Gre­go­ry did have a few…”

Hey, you asked for the man-on-the-street opinion.”

That sounds like the Cyd I knew before…you know. Any­way, back in the Lime Street Detec­tive Agency days.”

You can say it. Before Al.”

You’re get­ting your spunk back, girl.”

I mum­bled, “Tell Kaye.”

She’ll come around. You know she wants to be big sis­ter with all the answers. Speak­ing of answers, how about anoth­er quote.”

Okay, it was too hot, and prac­ti­cal­ly impos­si­ble to hear with that hor­ri­ble mike. All screechy.”

That’s a good one. Now, how about some con­cerned cit­i­zen on one side or the other.”

Should I shake her up and men­tion the air dis­ap­pear­ing from the room, or that some­one would die? No way. “Let’s see. Well, you know, indus­try is all well and good, but Smith Har­bor is a fish­ing vil­lage. I’d hate to miss the, let’s see, what do I hate to miss?”

The friend­ly atmosphere?”

And that would be?” I smirked. “How about the neigh­bor­ly feel­ing I grew up with?”

That’s good. Now some­thing fish­ery oriented.”

I can not believe Mr. Vikel­lis wants to tax busi­ness so much. I mean, he does have that fish­ery. But, don’t say that. He’s my new boss. Of course, I don’t expect him to approve putting a bunch of fish­eries lin­ing the shore. Too much com­pe­ti­tion, besides, who would want to lay around on the beach with the smell?”

That’s an opin­ion I already have. Try another.”

Why don’t you think of one?”

I thought of the whole arti­cle. I need anoth­er voice.”

Voice, smoice. Okay, I’m lit­tle kidlet, age six. I wan­na go fish­ing. I don’t wan­na have a whole bunch of them fan­cy hous­es tak­ing up the whole shore.”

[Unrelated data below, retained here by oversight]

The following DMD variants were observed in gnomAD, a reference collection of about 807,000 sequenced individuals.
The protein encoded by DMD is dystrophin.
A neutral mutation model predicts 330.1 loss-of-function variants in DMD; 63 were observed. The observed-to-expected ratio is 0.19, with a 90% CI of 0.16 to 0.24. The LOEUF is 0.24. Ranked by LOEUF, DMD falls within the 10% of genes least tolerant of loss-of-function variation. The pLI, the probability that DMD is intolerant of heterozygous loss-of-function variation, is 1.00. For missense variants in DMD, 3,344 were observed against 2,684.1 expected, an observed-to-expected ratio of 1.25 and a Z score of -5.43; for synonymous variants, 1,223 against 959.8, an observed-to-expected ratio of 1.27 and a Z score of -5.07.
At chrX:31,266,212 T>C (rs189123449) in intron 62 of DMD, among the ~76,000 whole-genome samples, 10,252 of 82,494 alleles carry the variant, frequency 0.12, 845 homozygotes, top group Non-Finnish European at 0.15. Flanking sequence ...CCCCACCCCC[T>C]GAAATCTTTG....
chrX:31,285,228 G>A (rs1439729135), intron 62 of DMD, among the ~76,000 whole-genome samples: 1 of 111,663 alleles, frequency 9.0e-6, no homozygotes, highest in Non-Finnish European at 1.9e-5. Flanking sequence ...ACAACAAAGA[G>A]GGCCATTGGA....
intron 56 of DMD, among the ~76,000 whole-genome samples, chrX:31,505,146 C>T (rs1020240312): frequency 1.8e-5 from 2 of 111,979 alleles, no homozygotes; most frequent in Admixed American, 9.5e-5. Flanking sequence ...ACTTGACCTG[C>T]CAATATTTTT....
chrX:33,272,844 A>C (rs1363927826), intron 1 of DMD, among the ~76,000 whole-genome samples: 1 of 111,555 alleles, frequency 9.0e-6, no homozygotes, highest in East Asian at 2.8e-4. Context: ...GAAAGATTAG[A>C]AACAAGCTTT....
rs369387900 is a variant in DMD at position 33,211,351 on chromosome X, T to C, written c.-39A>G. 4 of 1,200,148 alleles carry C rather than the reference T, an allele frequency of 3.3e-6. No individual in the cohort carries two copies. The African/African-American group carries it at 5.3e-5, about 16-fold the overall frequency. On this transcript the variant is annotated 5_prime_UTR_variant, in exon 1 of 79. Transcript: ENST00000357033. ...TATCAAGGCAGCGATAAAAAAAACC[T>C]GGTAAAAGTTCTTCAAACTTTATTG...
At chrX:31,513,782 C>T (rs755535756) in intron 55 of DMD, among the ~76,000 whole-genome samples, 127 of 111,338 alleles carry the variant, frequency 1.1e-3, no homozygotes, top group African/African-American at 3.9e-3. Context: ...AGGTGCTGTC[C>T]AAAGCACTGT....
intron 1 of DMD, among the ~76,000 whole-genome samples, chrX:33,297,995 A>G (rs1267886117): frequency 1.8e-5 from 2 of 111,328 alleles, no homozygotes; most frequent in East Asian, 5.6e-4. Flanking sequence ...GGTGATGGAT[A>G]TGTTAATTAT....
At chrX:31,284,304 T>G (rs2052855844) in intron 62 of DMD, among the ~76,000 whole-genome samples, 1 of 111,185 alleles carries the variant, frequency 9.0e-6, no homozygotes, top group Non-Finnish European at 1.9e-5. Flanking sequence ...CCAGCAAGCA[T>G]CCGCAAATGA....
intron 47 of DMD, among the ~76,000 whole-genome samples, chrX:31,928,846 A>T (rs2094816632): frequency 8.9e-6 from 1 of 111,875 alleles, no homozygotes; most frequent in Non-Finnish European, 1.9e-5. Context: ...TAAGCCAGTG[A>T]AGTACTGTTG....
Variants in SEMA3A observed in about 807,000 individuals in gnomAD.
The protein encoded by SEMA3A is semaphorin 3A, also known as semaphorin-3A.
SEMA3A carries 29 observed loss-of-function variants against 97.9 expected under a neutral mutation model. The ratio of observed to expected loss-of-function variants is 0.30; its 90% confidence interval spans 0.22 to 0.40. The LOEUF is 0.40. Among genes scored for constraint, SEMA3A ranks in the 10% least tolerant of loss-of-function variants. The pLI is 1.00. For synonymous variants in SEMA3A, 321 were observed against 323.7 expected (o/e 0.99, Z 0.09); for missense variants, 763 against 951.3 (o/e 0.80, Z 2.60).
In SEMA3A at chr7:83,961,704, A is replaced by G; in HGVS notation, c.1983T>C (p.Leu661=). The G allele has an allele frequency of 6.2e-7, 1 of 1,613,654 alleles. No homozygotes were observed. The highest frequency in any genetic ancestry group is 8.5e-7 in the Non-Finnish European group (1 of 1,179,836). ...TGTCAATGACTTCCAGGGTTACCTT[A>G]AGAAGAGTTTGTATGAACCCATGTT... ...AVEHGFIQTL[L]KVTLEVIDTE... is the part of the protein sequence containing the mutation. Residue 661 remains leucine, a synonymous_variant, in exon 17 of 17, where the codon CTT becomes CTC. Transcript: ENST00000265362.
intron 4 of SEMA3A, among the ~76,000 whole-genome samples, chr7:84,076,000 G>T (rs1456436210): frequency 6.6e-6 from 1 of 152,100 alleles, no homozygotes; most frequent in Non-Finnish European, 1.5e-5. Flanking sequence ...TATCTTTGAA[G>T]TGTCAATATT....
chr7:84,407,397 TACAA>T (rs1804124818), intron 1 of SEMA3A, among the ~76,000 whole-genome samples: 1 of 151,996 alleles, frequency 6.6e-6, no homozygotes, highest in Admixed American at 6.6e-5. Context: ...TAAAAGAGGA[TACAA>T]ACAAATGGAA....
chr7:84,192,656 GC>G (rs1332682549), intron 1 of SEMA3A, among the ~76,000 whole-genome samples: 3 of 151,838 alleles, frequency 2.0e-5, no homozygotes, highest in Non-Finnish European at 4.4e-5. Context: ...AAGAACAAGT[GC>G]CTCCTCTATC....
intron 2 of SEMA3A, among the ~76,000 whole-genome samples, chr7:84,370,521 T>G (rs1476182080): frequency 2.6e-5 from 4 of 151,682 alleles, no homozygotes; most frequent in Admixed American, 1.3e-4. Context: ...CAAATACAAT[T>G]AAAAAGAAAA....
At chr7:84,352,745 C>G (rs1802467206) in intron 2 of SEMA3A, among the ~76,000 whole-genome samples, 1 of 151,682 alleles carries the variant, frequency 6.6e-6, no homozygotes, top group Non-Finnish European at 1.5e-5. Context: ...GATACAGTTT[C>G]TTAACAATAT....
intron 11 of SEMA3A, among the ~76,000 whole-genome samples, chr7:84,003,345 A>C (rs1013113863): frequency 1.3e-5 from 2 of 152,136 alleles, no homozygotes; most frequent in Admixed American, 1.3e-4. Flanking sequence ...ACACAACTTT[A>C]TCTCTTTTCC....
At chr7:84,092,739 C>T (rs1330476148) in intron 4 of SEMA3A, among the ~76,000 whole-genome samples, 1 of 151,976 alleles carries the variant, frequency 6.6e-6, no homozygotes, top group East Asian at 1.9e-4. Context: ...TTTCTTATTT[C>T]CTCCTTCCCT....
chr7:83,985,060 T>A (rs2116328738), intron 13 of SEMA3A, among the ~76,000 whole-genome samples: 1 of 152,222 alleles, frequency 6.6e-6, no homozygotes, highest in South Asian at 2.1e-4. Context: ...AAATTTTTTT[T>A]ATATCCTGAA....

A lit­tle advanced for six. You are now eleven.”

I sat back and nib­bled pret­zels while Ted­dy fin­ished her arti­cle and sent it wing­ing on its way. Why hadn’t I said some­thing nice about Nor­ris Charters?

Answer. Ted­dy would only start teas­ing me about my lack of love life despite being a recent wid­ow, and Gregory’s obvi­ous avail­abil­i­ty where I was con­cerned. I didn’t need that.

Why hadn’t I men­tioned my vision of death? I could answer that too. Ted­dy hadn’t piled on like the oth­ers did, but… Nope, did not want to go back to those days… Cyd, the crazy kid.

Ted­dy stood, gath­ered her tablet and purse, and said, “Okay, I’ll drop you off. Or would you like to come with me to lis­ten to a garage band?”


She left me at Bay­side Mari­na. I head­ed for Inkling, the 36-foot Cape Dory sail­boat I’d lived on for the past month. The para­noid own­er need­ed a boat sitter—me, but he and his boat were head­ing out for the week­end tomor­row. Kaye said I could use her sofa for a cou­ple of days. But not tonight.
I real­ly want­ed to just dive into my cozy bunk, but the Inkling’s own­ers would be there in the morn­ing. I turned on all the lights for a lit­tle house­keep­ing. A dirty bird had done it’s duty, so I start­ed hos­ing down the deck.

The mari­na was busier than I expect­ed this late on a Thurs­day. First I saw an old geezer, Cap­tain Bil­ly wan­der by. Then a boat full of row­dy guys pulled in, hopped off and left with­out wash­ing down the boat.

After twen­ty min­utes, while I was coil­ing the hose, I heard a voice.

Miss, could you help me?”

I turned sud­den­ly. There he was, the mys­tery man—the mod­er­a­tor who was Meg somebody’s hus­band, still wear­ing the grey suit and wing-tip shoes. The grey man. Mr. Name­less. “Sure, what do you want?”

I’m head­ed for a meet­ing on a boat, but he didn’t tell me where it was. Could you help me find one named Nighthawk?” He fin­gered his neck­tie as he beamed at me. “Wouldn’t hap­pen to be yours, would it?”

No. Nighthawk is a lot big­ger than any of these. It’s at the end of F Dock.”

Won­der­ful. You do know it. I still have a prob­lem though. I don’t know where F Dock is.”

The man was as out of place on the dock as I’d be in what­ev­er polit­i­cal halls he must usu­al­ly fre­quent. “I’ll show you.” I hopped off Inklings’ deck and led the way. Who has a meet­ing on a yacht after ten at night? He didn’t elab­o­rate, which didn’t sur­prise me. I left him stand­ing on the dock by Nighthawk.

Just too much going on for a Thurs­day night. Lat­er, I even heard one of the big yachts leav­ing. Prob­a­bly an ear­ly start on the week­end out­ing. They were def­i­nite­ly nois­i­er than small­er boats.